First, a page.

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Ramsay out, Macquarie in for global equity best ideas

Emma Rapaport  |  06 Nov 2018Text size  Decrease  Increase  |  
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Macquarie Group Building Sydney Barangaroo

Global financial group Macquarie Group has replaced Ramsay Health Care in the  Morningstar Australia and New Zealand monthly Best Stock Ideas list  on concerns about the private healthcare provider's long-term growth outlook.

While analysts continue to believe the RHC's (ASX: RHC) shares are undervalued, they have become increasingly worried about weaker long-term earnings growth because of challenging regulatory environments in Ramsay’s main markets in Australia, France, and the United Kingdom.

"We believe a larger margin of safety is now warranted," the authors of the November update wrote.

Additionally, they believe the eagerness with which the Ramsay acquired Swedish hospital operator Capio points to revenue growth challenges in other areas of the group.

Analysts also have growing concerns about the balance sheet.

"Although Ramsay’s balance sheet is in reasonable shape, it is vulnerable to a deterioration in earnings, given sizable operating lease obligations," the report said.

"Net debt was $3.2 billion at June 30 on a fully consolidated basis, which implies a reasonable net debt/EBITDA ratio of 2.3 and EBIT/interest coverage of 9. However, metrics look worse on a lease-adjusted basis, with net debt/EBITDAR of 3.8 and EBITR/interest plus rent of 2.3."

Analysts expect the Capio acquisition to increase fully consolidated net debt by $1.4 billion, which will stretch the net debt/EBITDA ratio to 3.2 and reduce the EBIT/interest coverage to 7.6.

Morningstar analysts recently cut their fair value estimate for narrow-moat-rated Ramsay Health Care by 14 per cent to $65 per share following a reduction in their long-term earnings growth forecasts and the transition of coverage to a new analyst.

However, at the current market price of $55.82, they continue to believe the shares are undervalued.

Ramsay Health Care's exit from the list made way for global diversified financial services firm Macquarie Group (ASX: MQG).

Analysts say diversification and interlinking of the five businesses -- Macquarie Asset Management, Macquarie Corporate Asset and Finance, Macquarie Banking and Financial Services, Macquarie Commodities and Global Markets, and Macquarie Capital, are key to the firm generating long-term revenue growth.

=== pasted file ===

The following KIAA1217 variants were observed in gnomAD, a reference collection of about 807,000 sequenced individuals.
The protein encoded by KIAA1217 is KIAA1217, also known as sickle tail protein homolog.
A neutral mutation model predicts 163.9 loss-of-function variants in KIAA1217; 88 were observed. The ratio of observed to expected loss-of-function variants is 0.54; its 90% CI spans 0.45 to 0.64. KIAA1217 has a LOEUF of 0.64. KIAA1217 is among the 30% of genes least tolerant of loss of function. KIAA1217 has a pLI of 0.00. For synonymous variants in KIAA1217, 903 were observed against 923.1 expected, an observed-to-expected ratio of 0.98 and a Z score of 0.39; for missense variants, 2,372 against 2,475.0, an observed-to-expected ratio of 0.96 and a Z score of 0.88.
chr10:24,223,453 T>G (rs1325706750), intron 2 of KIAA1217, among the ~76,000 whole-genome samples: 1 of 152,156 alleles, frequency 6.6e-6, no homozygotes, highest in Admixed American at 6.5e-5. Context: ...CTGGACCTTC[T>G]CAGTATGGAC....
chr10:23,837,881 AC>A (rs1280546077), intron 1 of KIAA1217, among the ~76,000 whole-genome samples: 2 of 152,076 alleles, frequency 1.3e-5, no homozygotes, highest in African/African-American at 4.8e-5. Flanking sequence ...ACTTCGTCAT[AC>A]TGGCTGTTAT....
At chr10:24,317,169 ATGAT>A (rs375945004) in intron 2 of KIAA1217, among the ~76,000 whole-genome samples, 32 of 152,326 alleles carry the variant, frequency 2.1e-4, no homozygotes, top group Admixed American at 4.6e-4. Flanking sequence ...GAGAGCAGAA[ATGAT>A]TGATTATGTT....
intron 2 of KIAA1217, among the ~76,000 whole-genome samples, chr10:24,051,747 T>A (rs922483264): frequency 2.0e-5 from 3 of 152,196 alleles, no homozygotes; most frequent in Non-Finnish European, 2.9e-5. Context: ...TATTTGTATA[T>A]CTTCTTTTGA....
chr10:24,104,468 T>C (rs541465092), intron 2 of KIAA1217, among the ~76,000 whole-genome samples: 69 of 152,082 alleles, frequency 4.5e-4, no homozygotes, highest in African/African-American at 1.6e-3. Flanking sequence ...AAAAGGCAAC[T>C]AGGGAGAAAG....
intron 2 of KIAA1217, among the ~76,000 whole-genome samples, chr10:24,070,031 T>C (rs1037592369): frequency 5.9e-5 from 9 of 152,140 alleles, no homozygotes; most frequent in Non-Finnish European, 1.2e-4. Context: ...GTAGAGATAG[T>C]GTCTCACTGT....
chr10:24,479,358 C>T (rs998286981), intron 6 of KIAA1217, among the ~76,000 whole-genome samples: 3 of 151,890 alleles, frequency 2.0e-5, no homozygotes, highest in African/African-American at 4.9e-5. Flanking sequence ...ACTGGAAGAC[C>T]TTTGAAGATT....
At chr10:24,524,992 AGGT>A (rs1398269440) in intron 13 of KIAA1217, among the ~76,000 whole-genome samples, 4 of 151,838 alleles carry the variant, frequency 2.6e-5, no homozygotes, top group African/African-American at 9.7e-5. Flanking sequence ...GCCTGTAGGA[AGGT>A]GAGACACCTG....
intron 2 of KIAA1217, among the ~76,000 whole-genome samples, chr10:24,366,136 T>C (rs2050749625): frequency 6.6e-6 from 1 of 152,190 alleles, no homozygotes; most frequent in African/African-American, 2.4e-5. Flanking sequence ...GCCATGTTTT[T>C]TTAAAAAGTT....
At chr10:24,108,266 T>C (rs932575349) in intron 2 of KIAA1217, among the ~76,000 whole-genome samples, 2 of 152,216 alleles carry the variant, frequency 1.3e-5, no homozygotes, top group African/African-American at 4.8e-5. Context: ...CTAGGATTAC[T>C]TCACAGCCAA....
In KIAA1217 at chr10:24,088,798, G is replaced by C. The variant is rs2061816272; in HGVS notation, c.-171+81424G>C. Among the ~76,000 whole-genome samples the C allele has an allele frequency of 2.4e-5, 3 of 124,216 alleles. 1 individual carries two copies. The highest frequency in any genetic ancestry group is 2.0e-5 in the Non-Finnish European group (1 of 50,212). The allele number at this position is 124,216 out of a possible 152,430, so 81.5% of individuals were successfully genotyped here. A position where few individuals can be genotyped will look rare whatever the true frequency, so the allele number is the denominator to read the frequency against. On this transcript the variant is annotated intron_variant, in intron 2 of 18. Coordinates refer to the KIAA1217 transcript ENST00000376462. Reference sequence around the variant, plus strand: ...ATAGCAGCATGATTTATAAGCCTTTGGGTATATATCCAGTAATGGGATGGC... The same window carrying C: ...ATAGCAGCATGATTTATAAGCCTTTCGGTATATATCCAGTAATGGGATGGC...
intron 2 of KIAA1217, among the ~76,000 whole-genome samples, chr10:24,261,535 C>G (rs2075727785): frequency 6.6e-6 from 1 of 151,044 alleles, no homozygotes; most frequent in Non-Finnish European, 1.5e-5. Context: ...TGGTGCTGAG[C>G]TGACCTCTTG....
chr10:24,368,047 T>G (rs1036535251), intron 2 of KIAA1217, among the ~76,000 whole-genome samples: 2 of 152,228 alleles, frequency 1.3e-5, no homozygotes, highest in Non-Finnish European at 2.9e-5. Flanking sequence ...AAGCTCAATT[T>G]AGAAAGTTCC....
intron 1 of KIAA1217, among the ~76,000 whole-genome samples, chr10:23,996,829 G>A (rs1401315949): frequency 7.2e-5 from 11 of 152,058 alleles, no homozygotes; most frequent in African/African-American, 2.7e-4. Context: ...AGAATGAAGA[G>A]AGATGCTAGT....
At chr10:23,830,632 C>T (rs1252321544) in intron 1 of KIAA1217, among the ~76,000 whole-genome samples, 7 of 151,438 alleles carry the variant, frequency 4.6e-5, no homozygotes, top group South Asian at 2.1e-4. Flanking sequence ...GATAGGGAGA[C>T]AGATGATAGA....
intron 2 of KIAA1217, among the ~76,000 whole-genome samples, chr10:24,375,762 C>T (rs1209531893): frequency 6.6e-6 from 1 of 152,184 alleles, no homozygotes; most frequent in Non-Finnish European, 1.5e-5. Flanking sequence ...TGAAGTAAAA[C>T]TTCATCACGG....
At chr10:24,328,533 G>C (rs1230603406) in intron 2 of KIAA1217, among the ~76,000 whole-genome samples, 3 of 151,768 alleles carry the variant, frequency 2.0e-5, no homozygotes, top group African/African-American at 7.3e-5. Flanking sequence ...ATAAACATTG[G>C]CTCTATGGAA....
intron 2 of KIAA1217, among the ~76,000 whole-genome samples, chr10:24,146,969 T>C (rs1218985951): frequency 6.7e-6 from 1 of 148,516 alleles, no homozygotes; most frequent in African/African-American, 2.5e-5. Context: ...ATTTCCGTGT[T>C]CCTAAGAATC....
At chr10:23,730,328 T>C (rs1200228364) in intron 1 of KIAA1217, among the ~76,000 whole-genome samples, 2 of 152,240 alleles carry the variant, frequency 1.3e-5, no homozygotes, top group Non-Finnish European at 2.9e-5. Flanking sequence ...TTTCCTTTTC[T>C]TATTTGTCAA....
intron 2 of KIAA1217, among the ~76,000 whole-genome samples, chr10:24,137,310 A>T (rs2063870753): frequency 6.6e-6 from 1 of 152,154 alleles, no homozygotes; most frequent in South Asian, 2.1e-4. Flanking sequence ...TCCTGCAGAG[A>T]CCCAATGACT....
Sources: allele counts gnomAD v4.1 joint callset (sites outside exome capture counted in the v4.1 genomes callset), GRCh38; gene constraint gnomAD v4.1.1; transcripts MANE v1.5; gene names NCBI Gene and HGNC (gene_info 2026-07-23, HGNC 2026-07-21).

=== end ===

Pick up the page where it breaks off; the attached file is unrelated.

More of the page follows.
"The extent of interconnectivity among the five groups and operating leverage provides attractive earnings upside that we think the market underappreciates," the report said.

"We like the firm’s growth profile, longstanding senior management, long-term investment approach, and upside from exposure to infrastructure, energy, and technology sectors."

This month also marks the end of the tenure of Nicholas Moore as CEO of group, who will make way for company stalwart Shemara Wikramanayake.

Moore, who took over from Allan Moss in 2008, is credited with steering the bank through the GFC and beyond, during which time the share price was hovering below $16.

Analysts see the interconnectedness of Macquarie's adjacent businesses as a real competitive advantage and key to continued strong growth in shareholder returns.

Additionally, analysts see the group's status as a world-leading infrastructure fund manager with increasing exposure to renewable energy as beneficial long-term.

"[Macquarie] is in a good position to benefit from huge growth in global infrastructure and energy investment in the next decade.”

Morningstar analysts recently upgraded Macquarie Group's moat rating to narrow based on the competitive advantages of Macquarie's underlying businesses.

At 11am Sydney time, the stock was trading at $121.30, below Morningstar's $130 fair value estimate. On Friday, Macquarie's stock leapt about 3 per cent after the group signalled that its full year profit would be up about 10 per cent on financial-year 2018.


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Emma Rapaport is a reporter with Morningstar Australia, based in Sydney.

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